The search for "globality": The application of the principle of similarity and then its verification, take place whenever the search for the most similar remedy has been carried out conscientiously by the practitioner: It is "individualization". Each treatment is thus personalized to each patient, whatever the name of the disease, the search for the "totality" of the symptoms presented by the patient being at the center of the method. It explains the length of the dialogue between the doctor and the patient. The step of observing the symptoms caused by a substance in the healthy individual, which always precedes the application of the principle of similarity and its retranscription corresponds to the establishment of a pathogenesis. In practice, some well-known homeopathic medicines (Oscillococcinum, Sedative PC...) do not respect the principle of individualization.

The technical use of infinitesimal dilutions: The need to reduce the toxicity of the substances chosen by applying the principle of similarity led Hahnemann to dilute and then to strongly agitate its preparations. After each dilution, the preparation is shaken (succussion) vigorously, manually or mechanically, which would allow it to retain its pharmacological effects despite significant dilutions (Kent, 2008).

Homeopathy is opposed to allopathy, a term also invented by Hahnemann, which refers to any drug treatment that is not based on similarity at the time of the therapeutic choice, but on the "principle of opposites", a method used since Hippocrates until At the beginning of the nineteenth century. Thus, phytotherapy is an allopathic care method. Nevertheless, the notions of "principle of contraries" or "principle of similarity" have not been validated experimentally according to current scientific criteria.

Principle of Similarity

Homeopathy was based on the principle of similarity. This principle provides that a person with a condition may be treated with a substance that produces symptoms similar to those of the condition in a healthy person. In practice, the substances chosen may in fact be the one which causes the symptom, or the one which treats it, as Hippocrates has observed.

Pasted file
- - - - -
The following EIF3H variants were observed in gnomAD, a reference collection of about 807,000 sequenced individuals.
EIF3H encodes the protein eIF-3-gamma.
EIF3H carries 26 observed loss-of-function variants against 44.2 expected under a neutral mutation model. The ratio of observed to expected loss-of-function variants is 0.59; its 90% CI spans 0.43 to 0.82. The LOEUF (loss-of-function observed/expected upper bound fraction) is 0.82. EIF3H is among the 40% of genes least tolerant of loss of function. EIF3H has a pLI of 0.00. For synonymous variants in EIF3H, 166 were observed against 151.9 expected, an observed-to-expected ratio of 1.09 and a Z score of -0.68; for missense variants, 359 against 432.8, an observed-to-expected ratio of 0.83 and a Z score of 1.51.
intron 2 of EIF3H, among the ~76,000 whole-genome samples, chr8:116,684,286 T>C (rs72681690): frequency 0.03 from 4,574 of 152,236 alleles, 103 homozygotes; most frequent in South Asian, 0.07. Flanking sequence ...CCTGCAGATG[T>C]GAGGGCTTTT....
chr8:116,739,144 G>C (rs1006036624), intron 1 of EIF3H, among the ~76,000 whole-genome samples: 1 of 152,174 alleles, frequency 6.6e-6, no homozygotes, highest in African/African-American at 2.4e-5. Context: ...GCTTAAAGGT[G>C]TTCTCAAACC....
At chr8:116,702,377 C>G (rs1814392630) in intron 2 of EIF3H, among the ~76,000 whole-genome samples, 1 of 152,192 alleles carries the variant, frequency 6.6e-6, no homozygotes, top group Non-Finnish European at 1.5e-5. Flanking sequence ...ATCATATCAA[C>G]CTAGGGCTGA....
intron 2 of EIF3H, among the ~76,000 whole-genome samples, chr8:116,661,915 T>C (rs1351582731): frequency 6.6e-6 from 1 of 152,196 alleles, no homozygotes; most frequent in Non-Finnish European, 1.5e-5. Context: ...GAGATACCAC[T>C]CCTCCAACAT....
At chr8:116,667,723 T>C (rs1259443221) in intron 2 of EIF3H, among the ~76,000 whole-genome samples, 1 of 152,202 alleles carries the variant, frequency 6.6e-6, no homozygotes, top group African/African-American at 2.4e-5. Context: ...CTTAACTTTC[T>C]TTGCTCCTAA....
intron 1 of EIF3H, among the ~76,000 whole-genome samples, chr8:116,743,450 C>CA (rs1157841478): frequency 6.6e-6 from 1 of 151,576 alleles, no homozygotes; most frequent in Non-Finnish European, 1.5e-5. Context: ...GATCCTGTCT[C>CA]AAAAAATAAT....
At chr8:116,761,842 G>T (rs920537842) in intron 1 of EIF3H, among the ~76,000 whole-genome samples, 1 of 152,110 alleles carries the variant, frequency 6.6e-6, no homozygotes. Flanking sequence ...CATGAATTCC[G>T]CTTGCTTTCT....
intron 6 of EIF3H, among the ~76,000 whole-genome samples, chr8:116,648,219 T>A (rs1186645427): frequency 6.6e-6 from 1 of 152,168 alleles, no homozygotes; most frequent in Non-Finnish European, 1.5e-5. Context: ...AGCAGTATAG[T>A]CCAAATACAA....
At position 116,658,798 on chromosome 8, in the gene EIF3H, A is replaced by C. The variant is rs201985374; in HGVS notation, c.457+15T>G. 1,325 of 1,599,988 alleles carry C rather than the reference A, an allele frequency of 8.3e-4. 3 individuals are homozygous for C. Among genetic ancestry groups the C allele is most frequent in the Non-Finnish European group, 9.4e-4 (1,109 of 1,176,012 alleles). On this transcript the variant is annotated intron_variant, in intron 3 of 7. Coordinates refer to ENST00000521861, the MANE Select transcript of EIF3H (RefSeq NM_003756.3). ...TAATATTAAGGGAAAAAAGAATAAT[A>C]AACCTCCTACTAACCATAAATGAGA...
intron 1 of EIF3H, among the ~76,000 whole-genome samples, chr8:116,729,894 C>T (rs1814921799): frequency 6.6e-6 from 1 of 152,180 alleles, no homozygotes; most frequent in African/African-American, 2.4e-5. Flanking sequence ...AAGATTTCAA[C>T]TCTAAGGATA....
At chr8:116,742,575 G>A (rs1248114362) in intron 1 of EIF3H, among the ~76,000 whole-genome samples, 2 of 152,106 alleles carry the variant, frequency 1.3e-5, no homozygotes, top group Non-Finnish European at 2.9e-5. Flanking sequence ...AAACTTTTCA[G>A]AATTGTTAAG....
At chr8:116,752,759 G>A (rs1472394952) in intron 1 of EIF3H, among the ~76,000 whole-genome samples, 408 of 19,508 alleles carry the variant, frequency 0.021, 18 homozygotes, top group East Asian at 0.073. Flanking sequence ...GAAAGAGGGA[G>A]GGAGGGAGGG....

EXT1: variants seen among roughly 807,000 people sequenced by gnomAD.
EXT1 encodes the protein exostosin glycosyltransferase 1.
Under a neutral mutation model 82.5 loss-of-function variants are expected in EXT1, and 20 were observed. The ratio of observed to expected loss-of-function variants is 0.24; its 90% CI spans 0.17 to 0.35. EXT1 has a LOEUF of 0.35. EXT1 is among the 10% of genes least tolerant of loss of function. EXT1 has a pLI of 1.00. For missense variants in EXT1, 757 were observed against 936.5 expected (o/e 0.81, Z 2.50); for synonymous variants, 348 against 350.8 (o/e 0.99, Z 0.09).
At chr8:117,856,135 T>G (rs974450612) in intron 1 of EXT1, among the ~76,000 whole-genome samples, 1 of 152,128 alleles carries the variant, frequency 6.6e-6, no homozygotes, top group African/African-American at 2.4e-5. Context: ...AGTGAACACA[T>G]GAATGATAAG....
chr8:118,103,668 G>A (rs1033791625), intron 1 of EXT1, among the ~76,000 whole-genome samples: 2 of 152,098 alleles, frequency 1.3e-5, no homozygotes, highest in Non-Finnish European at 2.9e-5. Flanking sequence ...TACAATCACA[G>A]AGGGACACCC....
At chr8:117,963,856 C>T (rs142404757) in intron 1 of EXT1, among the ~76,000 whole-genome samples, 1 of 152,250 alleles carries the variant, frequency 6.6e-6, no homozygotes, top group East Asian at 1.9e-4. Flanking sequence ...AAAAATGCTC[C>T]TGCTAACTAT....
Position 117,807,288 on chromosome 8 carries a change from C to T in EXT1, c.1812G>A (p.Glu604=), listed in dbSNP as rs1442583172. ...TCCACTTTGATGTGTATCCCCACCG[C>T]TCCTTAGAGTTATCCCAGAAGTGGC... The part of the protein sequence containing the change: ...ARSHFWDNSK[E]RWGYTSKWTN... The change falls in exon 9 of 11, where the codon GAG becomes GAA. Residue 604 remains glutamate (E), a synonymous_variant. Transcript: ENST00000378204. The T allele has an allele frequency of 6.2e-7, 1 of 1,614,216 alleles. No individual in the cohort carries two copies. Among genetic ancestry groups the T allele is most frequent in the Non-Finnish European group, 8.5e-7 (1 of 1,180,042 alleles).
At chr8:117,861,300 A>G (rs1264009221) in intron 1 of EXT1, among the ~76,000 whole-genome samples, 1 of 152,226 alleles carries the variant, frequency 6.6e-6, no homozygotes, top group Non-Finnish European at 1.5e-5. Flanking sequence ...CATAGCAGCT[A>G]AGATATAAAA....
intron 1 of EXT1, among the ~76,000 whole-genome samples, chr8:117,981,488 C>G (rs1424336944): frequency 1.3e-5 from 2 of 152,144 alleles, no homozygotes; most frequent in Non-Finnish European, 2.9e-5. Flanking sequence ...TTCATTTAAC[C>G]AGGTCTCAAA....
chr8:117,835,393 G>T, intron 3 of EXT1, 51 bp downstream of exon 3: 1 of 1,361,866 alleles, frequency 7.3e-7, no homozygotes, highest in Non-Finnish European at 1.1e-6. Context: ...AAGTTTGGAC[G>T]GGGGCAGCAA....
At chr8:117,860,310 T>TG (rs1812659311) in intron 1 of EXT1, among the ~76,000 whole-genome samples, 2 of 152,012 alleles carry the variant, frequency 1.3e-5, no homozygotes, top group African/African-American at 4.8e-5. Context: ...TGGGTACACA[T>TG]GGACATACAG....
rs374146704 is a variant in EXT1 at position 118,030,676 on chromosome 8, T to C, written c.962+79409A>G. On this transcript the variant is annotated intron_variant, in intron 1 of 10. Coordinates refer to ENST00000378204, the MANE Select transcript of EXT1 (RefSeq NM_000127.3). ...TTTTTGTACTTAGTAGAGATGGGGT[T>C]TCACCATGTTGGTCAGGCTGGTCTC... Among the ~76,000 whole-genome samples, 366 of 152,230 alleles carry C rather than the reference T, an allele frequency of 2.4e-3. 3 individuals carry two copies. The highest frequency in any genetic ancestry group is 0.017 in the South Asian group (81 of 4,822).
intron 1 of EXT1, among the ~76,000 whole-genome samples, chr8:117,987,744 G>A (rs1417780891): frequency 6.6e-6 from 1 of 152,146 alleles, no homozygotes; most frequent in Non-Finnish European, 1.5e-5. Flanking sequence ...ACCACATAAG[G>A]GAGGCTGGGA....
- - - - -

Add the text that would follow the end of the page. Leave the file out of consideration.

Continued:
Homeopathy is based on the principle of similarity formalized by Hahnemann following the following observation: Quinine extracted from bark of cinchona causes, in high dose, a poisoning accompanied by fever, comparable to fevers that the absorption of Quinquina helps to heal. Hahnemann inferred from this observation that there was a causal link between fever due to intoxication and the mechanism of defense against fever activated by the absorption of quinine at therapeutic doses. He then proceeded to verify the universality of this principle by testing on himself the substances (belladonna, jusquiame, arsenious anhydride, sulfur...) whose healing properties were known in his time. He then proposed a generalization of this principle to the whole of therapeutics: It is possible to know the clinical picture of a disease that treats a substance by observing the complete clinical picture that it triggers at various dosages in the healthy individual.